This would allow the sponsor to solicit the specific investment offering but are limited to raising capital from verified accredited investors, unlike a 506 B offering. Even though they may be able to invest in real estate syndications passively, non-accredited investors may have difficulty finding those opportunities.
If you’re already an accredited investor, you may be able to get a free verification. Let’s look at where to go if you want a free verification.
Free Accredited Investor Verification
Several websites can do it for free if you want to verify yourself or your investors.
The following are helpful websites you can try:
While these aren’t the only websites that can verify your accreditation as an investor, they’re reliable ones to use. Other websites and verifying methods may result in costs, too.
Next, let’s look at how having a solo 401k investment can be involved in your accredited investor status.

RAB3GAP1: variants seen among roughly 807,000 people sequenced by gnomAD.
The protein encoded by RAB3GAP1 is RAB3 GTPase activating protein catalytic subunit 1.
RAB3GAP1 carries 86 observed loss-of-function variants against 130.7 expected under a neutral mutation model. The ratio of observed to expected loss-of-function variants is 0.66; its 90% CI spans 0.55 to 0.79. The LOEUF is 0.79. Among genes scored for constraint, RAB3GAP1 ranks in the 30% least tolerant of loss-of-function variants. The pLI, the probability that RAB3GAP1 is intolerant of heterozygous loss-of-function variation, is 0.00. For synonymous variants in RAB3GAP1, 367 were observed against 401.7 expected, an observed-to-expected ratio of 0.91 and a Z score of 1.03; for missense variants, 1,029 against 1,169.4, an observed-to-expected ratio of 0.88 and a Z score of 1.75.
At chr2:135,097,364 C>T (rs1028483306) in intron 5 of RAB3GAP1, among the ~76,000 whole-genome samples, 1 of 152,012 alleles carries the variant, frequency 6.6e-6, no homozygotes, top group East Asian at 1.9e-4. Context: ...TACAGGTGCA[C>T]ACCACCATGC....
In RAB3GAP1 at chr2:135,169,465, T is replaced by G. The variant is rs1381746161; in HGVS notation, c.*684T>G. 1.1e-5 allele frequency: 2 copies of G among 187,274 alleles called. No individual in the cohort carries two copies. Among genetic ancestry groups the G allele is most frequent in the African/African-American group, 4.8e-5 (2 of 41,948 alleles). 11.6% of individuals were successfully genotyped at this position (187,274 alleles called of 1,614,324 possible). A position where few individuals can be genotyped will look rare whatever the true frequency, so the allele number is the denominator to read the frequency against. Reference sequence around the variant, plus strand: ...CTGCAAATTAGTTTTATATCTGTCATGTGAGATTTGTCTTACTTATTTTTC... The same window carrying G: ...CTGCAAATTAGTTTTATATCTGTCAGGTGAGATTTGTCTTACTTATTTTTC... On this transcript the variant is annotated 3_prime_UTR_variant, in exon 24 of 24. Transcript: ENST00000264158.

Accredited Investor Net Worth 401k
Generally, if you have a Solo 401k and combined assets of $1 million or more, you and the Solo 401k can qualify as accredited investors.
If you choose to gain accredited status this way, you’ll need to use the tax ID number corresponding to your Solo 401k. And when you receive gains, dividends, and disbursements, make sure that they return to the bank account of your Solo 401k.
When you use this method to become an accredited investor, it can become easier for you to qualify for making more significant ticket investments.
If you still have some doubts about being an accredited investor, check out our FAQ section below.
Frequently Asked Questions About How to Check if Someone is an Accredited Investor